• Maintain a moderate protein intake. Protein should make up about 25 percent of your total daily calories if you are trying to lose fat. If you are trying to maintain your leanness, your protein can go down to 10 to 15 percent and carbohydrates can move up to 60 to 65 percent. Choose low-fat sources of protein.
  • Keep your total fat content at 25 percent of your daily calories. Limit your intake of fat by selecting lean meats, poultry without skin, fish, and low-fat dairy products. In addition, cut back on vegetable oils and butter—or foods made with these—as well as mayonnaise, salad dressings, and fried foods.
  • Avoid too much sugar. Many foods that are high in sugar are also high in fat. Sugar also contributes to tooth decay. (Note: I did not say no white sugar or sucrose. White sugar in small amounts not only improves the taste of many foods but is acceptable on my eating plan.)
  • Don’t drink alcohol. Excess alcohol consumption can lead to a variety of health problems. And alcoholic beverages can add many calories to your diet without supplying other nutrients.
  • Drink more water, plain and cold, especially if you are trying to lose fat.

These guidelines can still be somewhat general. After looking past 3 decades, I’ve discovered some interesting behaviors with dieters that, when incorporated, can make the eating process more specific.

  • Dieters can eat the same breakfast and lunch each day for 6 weeks or longer without tiring of it. After 6 weeks, they like a second choice for lunch.
  • Approximately 75 percent of dieters can adapt to a meal-replacement shake for breakfast or lunch.
  • Dieters like a little variety—at least three selections—for dinner.
  • Approximately 90 percent of dieters like the convenience of frozen microwave meals for dinner.
  • Dieters like between-meal snacks.

Fat Missile #4: Descending Calories

“All calories have measurement and meaning.”

Despite what some authors of popular diet books will tell you, calories count in the weight-loss game. Once a calorie-containing food is consumed, there is no way to weaken, discount, or bypass the effect inside the body.

The laws of thermodynamics are constant, and all things in nature—including human metabolism, muscles, nerves, the heart, and even genes—are governed by thermodynamics.

How Many Calories Per Day?

Most of the people I’ve worked with in my weight-loss studies find success on daily calorie levels of 1,800 to 1,200 for men, depending upon body size, and 1,500 to 1,000 for women.

During a 6-week program, I like to descend the calories by 100 every 2 weeks. Such a gradual reduction makes your body more efficient at the fat-burning process.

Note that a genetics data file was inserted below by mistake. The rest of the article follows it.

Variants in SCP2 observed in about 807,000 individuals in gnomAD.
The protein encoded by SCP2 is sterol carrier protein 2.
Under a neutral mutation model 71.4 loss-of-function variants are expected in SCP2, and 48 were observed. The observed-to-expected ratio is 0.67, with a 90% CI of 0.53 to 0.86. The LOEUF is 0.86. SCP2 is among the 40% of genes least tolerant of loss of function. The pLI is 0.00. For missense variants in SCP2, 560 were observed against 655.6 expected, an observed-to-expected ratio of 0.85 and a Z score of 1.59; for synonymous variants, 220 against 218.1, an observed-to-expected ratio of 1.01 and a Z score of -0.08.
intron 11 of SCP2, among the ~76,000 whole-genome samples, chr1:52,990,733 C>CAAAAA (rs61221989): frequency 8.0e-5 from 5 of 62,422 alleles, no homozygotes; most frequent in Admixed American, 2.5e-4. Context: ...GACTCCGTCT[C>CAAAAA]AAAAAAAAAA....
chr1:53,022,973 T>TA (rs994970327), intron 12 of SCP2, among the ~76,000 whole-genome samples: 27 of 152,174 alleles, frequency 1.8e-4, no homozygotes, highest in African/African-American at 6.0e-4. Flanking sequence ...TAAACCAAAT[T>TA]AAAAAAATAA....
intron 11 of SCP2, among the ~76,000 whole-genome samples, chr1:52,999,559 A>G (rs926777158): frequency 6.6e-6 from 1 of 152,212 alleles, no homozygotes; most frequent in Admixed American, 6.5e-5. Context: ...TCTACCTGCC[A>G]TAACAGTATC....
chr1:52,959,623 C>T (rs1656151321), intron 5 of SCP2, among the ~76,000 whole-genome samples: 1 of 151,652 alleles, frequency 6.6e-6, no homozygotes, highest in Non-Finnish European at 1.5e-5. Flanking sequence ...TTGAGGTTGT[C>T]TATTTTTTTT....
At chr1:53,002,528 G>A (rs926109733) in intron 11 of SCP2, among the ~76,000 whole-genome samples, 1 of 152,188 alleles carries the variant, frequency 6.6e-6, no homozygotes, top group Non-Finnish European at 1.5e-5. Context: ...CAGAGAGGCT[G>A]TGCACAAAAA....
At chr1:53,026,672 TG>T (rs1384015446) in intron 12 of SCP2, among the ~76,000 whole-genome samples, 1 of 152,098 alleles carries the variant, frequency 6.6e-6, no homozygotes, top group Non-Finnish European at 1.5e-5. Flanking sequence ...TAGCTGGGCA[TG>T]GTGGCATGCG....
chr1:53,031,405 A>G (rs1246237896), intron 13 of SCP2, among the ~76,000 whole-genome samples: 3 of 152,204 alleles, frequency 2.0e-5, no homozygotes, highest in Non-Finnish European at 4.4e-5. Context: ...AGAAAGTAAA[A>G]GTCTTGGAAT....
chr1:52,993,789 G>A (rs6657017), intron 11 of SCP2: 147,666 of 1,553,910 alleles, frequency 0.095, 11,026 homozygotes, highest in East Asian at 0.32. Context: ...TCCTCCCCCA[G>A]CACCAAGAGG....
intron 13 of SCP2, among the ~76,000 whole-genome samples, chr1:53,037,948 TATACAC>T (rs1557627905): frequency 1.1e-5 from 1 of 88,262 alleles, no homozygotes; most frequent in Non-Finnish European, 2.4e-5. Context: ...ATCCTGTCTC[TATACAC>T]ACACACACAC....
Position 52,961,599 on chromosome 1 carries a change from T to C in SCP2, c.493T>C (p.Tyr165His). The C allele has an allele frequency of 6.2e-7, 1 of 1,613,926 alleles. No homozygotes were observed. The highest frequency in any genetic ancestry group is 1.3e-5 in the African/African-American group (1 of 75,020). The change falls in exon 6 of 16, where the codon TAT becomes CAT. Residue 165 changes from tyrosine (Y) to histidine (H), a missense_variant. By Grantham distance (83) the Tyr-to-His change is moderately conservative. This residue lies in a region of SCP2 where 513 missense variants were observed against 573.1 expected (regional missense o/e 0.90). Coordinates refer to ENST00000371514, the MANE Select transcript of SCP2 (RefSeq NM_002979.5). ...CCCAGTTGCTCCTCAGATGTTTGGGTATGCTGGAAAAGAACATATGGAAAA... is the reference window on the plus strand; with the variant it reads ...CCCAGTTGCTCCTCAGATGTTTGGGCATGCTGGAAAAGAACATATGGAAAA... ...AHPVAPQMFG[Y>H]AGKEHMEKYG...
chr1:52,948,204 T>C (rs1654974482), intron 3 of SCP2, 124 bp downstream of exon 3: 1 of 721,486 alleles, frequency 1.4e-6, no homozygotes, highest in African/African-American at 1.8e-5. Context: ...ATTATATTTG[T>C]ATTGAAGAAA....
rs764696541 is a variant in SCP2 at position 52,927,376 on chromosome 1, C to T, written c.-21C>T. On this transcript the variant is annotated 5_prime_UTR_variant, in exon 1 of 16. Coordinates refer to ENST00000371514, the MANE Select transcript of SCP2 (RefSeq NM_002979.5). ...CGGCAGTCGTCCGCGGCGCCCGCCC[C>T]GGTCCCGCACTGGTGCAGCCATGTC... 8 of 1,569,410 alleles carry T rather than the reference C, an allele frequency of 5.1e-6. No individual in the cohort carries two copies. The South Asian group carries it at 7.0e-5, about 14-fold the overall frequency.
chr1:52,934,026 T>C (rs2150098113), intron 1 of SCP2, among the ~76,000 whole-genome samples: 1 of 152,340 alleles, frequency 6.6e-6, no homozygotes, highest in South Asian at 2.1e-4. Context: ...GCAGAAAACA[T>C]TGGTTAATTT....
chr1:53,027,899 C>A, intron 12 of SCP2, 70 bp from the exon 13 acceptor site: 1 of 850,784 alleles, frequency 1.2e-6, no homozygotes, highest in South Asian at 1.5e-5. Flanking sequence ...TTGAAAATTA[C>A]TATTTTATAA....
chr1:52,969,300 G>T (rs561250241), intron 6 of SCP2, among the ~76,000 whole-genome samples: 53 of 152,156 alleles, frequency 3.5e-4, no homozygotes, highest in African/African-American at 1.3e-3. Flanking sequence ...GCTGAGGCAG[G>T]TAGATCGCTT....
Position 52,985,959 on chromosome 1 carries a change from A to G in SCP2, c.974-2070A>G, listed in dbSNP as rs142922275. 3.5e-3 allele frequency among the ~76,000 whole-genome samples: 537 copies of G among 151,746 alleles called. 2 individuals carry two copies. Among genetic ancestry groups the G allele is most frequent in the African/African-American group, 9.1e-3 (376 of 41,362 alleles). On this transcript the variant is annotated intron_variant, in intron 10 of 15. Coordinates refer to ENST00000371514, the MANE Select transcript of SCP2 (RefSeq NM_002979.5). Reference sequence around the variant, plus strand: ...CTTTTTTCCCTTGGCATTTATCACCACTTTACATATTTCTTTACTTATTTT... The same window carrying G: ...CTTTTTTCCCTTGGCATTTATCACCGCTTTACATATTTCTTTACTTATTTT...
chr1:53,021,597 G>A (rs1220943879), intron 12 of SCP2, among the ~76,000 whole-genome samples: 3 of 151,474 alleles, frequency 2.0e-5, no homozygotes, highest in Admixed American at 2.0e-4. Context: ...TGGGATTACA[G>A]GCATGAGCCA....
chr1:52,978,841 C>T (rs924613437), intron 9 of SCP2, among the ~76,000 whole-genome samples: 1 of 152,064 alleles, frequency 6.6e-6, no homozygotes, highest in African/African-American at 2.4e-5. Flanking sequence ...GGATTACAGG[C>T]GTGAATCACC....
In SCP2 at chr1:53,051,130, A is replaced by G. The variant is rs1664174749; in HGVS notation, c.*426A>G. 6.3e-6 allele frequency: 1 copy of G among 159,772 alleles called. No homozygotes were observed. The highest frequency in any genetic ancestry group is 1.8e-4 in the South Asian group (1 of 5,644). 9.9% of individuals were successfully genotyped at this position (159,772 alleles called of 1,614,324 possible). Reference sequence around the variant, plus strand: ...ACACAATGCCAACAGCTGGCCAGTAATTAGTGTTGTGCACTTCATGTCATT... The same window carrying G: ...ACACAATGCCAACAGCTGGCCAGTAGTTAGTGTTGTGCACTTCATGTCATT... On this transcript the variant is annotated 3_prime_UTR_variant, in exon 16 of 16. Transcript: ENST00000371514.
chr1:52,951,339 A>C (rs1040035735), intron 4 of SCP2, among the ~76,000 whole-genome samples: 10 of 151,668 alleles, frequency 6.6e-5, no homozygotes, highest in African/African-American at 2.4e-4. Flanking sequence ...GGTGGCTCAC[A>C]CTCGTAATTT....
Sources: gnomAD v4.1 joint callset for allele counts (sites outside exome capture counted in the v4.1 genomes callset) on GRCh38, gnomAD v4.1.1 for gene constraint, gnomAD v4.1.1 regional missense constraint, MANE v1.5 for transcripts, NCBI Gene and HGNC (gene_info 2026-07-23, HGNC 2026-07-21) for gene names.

So I recommend that you try the same, with a descent as follows:

  • Men: 1,600 to 1,500 to 1,400
  • Women: 1,400 to 1,300 to 1,200

Meal Size

Fat loss speeds up when you eat small meals. There’s a thin line between a small meal and a medium one. I draw that line at 400 calories for women and 500 calories for men.

Meal Frequency

The trick to consuming less food (calories) without feeling hungry is regular fuel-ups to keep your belly satisfied. The goal is six small, evenly spaced meals a day. This means that no more than 3 hours should elapse between eating episodes. Breakfast, lunch, and dinner are three eating episodes, and there are snacks at midmorning, midafternoon, and at night.

Fat Missile #5: Super hydration

You need more water because you belong to dehydration nation. Most Americans are walking around dehydrated. We just don’t drink enough of the stuff that’s so critical to the proper functioning of our bodies. And when we do drink, it’s often those sugary beverages that taste great but don’t necessarily quench our bodies’ thirst for H2O.

Your Water Is Showing

The adult human body is made up of 50 to 65 percent water. But not all body components have the same water percentage. Your blood, for example, is 83 percent water, your brain is 75 percent, your muscle is 72 percent, your skin is 71 percent, your bone is 30 percent, and your fat is 15 percent.

As your body experiences dehydration, you feel it first in the systems that contain the most water. For example, you lose your mental alertness and suffer from overall muscular weakness. The last component that dehydration affects is your fat. That’s why excessive sweating makes almost no dent whatsoever when you’re attempting to reduce your body-fat percentage.

Men have more water in their bodies than women, primarily because men have more muscle mass and less fat than women do. A lean man with a body weight of 180 pounds may have 14 gallons of water in his system. A gallon of water (128 fluid ounces) weighs approximately 8 pounds, so simple multiplication (8 × 14) reveals that 112 pounds of this man’s body is water.

You may not think of water as food, but it’s the most critical nutrient in your daily life. You can live only a few days without it. Every process in your body requires water. For instance, water: